This space—this blog— has been set up for months, and was there in an earlier form as my director’s notes, but somehow never got going. Travelling, settling into our new home in Melbourne, cooking, carpentry, and gardening (not to mention the day job) all seemed to get in the way. Then there is my old friend, procrastination, always ready to help me out. But in the end, here I am.

The problem is, where to begin? I have a long list of things that I think may interest you, my reader. But there is no way of choosing—not without a conversation—and this is not a conversation. As the title suggests, it’s a soap box. So I shall go where my gut and keyboard takes me… You are of course free to heckle.

Position, position, position! Isn’t this what real estate agents say about the three most important attributes of a desirable property? Well, in a different way—using the word position in a slightly different context—I’ve come to the view that position, position, position, are the most important attributes of communication between people. When I have conversations I speak and listen from particular positions. Others taking part in the conversation do so too. In fact, I’ve argued in one of my books that there is an inexorable logic—a logic of positions—that governs what we can and cannot do in conversation. Well, enough of theory for the moment. I must watch myself and not get carried away up my own spiral of abstraction—something I’m fond of accusing others of doing.

Here is a specific issue of position: the relationship between people and a health system. One of the repeated mantras among today’s health professional is:

“We must involve patients in the decision-making about their health.”

I came across it again, just a few days ago.

“The National Patient Safety Agency (NPSA) today previewed to the NHS a new campaign to empower patients to take a more active role in managing their health.”

Good stuff? Progress? Enlightened? No, not really. At the heart of this well-meaning mantra is a misunderstanding.

Here is how I manage my health. I spend a lot of my eating, drinking and occasional exercising with one eye on whether or not I am doing these things ‘healthily’. If I feel unwell, I go and lie down. If I am in pain, I take a pill. If my throat hurts or irritates, I have chamomile tea with honey, lemon, and scotch. If I feel anxious and worried, I go for a long walk. Only when none of these work, or I am struck by some catastrophic failure of my body, do I ask for help from the ‘health system’. I don’t know what the proportions are, but at a rough guess I manage my health for 99% of my time and ask for help from the ‘system’ 1% of the time. So how come I’m being asked to take a ‘more active role in managing my health’. Is 99% not enough?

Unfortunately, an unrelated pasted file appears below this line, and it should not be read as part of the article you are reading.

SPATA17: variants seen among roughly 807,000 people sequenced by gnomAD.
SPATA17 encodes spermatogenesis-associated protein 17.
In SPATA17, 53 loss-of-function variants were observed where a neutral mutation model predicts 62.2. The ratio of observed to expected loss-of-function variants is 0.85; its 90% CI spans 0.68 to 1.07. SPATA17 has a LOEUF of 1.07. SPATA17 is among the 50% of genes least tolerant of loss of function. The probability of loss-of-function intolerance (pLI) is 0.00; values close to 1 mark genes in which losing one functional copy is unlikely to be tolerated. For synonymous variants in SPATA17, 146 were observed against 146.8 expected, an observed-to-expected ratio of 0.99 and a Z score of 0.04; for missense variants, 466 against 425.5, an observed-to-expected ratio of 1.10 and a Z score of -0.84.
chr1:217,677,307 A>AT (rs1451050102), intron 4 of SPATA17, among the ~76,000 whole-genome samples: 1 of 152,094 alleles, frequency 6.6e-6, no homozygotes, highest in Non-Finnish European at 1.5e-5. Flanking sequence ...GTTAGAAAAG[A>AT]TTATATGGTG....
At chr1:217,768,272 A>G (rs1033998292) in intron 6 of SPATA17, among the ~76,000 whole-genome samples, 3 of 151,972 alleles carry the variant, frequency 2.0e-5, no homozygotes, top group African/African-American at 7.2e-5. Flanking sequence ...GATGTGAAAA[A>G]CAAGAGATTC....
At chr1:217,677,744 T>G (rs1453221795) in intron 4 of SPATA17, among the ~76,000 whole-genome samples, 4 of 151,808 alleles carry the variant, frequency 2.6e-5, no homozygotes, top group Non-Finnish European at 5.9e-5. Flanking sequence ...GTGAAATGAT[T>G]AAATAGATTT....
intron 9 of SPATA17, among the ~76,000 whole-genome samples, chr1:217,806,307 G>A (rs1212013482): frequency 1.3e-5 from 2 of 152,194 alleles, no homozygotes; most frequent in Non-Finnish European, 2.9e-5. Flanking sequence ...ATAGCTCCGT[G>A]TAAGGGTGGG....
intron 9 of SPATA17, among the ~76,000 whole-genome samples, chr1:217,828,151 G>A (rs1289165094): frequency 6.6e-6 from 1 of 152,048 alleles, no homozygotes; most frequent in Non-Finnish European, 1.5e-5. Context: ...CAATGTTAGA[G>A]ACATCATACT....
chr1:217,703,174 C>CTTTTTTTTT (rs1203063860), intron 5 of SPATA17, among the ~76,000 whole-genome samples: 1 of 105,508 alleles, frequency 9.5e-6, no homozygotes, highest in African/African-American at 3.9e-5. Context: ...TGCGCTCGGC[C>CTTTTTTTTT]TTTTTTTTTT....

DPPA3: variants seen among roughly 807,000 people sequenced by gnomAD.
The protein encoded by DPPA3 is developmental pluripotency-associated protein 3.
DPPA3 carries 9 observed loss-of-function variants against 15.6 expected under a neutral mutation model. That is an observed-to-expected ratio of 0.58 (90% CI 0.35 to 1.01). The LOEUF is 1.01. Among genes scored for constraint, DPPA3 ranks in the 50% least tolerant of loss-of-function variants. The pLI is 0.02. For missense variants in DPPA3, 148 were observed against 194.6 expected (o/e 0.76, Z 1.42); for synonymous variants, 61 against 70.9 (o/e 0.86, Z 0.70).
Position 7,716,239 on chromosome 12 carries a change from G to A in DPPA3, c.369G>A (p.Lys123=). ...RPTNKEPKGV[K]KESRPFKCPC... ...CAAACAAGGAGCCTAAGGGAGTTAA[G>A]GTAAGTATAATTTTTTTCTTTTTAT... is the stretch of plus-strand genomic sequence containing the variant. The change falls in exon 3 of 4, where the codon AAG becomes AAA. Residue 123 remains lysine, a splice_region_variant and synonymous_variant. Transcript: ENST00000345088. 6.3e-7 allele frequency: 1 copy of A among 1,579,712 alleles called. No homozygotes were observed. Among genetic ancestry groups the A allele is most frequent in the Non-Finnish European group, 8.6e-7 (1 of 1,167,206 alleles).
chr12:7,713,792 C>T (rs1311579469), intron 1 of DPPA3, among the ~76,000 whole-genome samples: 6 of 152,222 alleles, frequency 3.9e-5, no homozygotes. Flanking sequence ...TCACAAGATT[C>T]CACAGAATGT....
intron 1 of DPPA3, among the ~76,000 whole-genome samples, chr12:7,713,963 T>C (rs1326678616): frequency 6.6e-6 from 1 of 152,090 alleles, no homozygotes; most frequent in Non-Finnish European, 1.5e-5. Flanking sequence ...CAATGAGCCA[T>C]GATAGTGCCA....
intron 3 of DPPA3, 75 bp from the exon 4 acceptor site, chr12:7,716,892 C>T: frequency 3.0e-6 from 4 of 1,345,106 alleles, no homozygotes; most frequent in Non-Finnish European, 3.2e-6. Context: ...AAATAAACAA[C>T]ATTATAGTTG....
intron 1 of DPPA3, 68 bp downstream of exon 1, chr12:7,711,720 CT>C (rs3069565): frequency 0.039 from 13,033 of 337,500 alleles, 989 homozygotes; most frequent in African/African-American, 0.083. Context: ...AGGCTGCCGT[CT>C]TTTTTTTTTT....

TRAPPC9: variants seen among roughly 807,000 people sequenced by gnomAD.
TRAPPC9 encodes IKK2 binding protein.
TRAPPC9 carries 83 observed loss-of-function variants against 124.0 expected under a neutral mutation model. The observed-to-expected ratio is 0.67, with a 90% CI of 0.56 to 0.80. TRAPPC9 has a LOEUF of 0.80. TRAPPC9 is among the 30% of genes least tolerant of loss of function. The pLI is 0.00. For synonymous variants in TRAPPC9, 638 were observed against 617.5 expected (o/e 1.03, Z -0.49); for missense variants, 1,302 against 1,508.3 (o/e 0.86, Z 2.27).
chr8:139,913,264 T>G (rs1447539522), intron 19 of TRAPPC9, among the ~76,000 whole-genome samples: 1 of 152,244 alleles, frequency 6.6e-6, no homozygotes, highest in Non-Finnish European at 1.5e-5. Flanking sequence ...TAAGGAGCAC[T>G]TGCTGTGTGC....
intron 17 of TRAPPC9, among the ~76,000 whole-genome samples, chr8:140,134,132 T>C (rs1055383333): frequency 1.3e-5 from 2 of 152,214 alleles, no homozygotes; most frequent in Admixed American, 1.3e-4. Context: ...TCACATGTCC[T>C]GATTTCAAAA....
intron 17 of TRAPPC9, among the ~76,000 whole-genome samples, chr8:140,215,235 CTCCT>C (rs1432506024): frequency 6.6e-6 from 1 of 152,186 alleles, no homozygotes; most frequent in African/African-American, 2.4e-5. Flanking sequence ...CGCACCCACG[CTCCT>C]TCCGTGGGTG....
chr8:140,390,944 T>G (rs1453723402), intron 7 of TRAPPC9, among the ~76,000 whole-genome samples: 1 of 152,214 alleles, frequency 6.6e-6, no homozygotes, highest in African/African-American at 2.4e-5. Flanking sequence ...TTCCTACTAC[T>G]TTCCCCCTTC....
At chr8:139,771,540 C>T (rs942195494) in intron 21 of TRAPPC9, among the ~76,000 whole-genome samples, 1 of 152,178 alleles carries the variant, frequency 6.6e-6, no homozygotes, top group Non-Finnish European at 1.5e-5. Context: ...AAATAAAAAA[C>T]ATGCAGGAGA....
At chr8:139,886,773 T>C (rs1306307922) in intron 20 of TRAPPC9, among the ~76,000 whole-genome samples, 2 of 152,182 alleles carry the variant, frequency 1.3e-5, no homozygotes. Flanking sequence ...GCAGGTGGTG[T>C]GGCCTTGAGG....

Either somebody in the system wants to take less responsibility for the little I ask them to do, or they have a profound misunderstanding about the relationship between me and them. I suspect the former, but I’ll assume the latter. When I do visit a doctor or hospital it is because I have decided to involve them in managing my health. I usually do so only at the point when my own management has failed. I need help.

The idea that I need to be more involved is absurd. All this talk of ’empowerment’ misses the point. Having overcome my reluctance to ask anyone for help, put to one side my fear of additional pain, ignored my instinct that tells me hospitals are dangerous places, and prepared myself to deal with arrogant and uncommunicative doctors, I ask for help.

It would be refreshing and reassuring at that moment and throughout my stay if someone told me what they were going to do, why, what the risks were, and what the outcome might be; it might also be helpful for me to know what it might feel like to me and what I need to do, etc: in other words good communication between me and the people I have asked for help.

Instead of this, the representative of the health system is quoted as saying:
“Safer healthcare is everyone’s responsibility. By providing practical information about safety issues and good health behaviour, the NPSA hopes to encourage patients and the public to get more involved in their own healthcare – to ask questions, discuss concerns and share their experiences with us. Informed patients are an important part of a safer patient journey.”

In other words, I should take over 99.5% of my health management, and the system may do me less harm in the 0.5% it manages, as I travel along my ‘patient journey’.

It’s time to go to 99.9% management of my health!